Wednesday, August 20, 2008

Cookie Hijacking

Things are looking a bit grim on the security side. Close on the heels of the DNS cache poisoning flaw discovered by Dan Kaminsky last month, there is now a new bogie man, automated HTTPS cookie hijacking...

Time progression showing vulnerable DNS servers: Red dots represent unpatched servers, yellow dots patched servers with NAT problems, green dots are patched servers.

The problem has gotten a lot of attention with respect to unencrypted GMail sessions, in fact there is now a widely available automated tool which allows you to steal session cookies on HTTP and HTTPS sites that do not set the cookie secure flag.

Surf Jacking Gmail demonstration from Sandro Gauci on Vimeo

However the problems is more widespread than just GMail, although there are still problems even there, and potentially affects a much broader range of sites.

Since so many sites are likely vulnerable, the actual reporting process is probably going to fall on the shoulders of users. To check your sites under Firefox, go to the Privacy tab in the Preferences window, and click on "Show Cookies". For a given site, inspect the individual cookies, and if any have "Send For: Encrypted connections only", delete them. Then try to visit your site again. If it still allows you in, the site is insecure and your session can be stolen. You should report this to the site maintainer. - Mike Perry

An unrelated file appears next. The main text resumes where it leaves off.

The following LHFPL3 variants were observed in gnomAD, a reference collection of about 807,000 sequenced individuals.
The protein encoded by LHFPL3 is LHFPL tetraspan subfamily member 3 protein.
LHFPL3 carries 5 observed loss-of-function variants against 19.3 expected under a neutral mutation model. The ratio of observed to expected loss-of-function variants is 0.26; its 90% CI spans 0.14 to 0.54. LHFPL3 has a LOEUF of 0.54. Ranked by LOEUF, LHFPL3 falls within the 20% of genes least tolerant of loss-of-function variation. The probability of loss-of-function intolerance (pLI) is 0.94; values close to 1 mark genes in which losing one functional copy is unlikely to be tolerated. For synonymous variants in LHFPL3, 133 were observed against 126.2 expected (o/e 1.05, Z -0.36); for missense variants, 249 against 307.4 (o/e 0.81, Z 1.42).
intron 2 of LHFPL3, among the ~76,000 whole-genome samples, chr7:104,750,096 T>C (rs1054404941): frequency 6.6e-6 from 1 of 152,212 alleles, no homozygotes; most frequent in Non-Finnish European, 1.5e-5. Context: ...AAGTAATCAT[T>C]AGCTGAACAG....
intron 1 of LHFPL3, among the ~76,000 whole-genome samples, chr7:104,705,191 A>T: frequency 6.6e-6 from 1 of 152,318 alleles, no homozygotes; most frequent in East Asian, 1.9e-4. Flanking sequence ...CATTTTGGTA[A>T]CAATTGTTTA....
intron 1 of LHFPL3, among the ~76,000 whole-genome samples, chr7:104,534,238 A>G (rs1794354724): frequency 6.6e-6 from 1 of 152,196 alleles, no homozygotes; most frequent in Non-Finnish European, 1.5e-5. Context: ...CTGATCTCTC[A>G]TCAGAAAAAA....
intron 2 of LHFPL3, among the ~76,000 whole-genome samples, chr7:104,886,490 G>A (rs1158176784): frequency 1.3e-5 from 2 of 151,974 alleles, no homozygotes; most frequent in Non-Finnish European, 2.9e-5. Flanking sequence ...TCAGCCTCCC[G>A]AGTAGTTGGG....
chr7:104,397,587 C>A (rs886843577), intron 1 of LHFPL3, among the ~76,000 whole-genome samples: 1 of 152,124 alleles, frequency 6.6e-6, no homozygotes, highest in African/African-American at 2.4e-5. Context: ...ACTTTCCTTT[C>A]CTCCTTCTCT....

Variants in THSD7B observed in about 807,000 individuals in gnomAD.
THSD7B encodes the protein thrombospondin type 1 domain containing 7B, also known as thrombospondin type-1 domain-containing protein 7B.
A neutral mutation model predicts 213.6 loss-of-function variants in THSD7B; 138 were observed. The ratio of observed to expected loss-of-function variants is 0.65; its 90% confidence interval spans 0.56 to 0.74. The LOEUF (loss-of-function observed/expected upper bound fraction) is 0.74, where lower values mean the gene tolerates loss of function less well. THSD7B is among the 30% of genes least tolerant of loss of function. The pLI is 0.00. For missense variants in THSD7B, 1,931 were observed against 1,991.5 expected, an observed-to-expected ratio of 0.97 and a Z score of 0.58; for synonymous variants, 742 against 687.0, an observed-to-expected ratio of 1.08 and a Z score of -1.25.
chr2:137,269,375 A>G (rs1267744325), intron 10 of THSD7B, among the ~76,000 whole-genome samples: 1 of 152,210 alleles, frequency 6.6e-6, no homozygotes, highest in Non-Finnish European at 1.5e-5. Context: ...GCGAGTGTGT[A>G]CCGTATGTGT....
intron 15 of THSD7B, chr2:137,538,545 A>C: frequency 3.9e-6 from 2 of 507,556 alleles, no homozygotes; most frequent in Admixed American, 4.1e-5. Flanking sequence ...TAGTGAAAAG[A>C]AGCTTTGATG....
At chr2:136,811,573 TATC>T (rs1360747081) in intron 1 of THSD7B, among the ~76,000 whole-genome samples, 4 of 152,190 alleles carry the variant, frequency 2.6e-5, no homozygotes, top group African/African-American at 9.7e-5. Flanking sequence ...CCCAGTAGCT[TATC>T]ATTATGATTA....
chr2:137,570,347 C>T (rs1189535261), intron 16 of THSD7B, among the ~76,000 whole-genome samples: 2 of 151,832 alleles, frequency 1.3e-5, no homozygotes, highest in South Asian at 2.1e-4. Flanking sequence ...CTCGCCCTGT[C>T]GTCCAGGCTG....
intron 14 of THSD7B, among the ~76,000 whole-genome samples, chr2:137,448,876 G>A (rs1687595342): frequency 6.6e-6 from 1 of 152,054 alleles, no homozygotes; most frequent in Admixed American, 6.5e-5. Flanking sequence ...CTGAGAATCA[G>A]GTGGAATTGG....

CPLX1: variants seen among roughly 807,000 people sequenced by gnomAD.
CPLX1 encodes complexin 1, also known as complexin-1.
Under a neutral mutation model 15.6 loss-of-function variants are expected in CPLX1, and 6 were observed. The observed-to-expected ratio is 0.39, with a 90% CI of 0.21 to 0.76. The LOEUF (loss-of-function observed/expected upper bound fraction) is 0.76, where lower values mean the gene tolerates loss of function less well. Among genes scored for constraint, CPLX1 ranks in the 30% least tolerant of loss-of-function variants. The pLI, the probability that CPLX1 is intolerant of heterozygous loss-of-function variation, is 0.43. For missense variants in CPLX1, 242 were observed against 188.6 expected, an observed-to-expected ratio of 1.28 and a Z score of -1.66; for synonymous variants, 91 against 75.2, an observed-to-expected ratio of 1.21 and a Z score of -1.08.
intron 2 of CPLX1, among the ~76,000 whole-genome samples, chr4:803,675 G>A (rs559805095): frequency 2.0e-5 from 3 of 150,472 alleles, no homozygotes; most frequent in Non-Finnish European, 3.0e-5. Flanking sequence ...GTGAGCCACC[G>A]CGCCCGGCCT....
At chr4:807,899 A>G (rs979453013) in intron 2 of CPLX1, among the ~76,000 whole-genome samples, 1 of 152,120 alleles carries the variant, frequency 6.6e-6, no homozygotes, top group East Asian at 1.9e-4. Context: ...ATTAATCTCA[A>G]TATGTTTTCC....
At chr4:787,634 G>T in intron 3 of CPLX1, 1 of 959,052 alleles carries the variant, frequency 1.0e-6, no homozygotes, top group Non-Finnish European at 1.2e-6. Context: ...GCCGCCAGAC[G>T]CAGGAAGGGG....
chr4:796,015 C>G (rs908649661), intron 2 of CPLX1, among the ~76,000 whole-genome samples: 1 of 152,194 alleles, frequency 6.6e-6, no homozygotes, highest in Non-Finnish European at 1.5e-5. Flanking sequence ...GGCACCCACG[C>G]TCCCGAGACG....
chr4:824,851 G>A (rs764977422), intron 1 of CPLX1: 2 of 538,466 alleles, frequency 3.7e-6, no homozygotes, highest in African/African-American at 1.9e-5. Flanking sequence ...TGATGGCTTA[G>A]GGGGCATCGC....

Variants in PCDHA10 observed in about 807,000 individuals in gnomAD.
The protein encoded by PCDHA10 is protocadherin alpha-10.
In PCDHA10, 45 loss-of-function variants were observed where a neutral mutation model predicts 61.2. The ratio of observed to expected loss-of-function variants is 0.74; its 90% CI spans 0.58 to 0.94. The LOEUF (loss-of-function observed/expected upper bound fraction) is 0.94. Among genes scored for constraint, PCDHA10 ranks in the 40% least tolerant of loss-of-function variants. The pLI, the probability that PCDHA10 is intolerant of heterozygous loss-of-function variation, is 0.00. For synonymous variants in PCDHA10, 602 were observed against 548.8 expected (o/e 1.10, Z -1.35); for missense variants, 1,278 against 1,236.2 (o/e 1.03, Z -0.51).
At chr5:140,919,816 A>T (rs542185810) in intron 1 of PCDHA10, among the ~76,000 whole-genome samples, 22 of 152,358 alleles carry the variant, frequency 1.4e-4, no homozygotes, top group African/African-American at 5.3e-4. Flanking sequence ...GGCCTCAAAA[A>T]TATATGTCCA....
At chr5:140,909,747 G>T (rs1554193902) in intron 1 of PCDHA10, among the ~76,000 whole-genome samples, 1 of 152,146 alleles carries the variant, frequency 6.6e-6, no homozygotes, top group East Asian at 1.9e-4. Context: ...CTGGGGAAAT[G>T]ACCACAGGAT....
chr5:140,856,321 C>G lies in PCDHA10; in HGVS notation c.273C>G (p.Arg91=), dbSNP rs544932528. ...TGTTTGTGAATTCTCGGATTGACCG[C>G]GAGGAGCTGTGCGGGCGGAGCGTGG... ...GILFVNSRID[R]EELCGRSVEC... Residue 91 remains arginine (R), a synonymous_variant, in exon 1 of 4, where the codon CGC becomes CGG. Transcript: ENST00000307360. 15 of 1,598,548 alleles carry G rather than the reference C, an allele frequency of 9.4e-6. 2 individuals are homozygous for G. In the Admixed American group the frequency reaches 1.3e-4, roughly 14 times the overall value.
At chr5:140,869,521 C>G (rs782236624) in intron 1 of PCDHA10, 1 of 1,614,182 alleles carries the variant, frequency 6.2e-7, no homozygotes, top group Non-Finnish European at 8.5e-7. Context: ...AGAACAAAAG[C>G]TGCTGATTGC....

Of course we can't all go hide in a darkened room and realistically, unless you're a high profile target, your chance of getting caught by this vulnerability is fairly low. However potentially at least, this is serious. You email, merchant account, banking and other personal information are potentially at risk. Right now it's not clear how widespread this problem actually is, so be careful out there...

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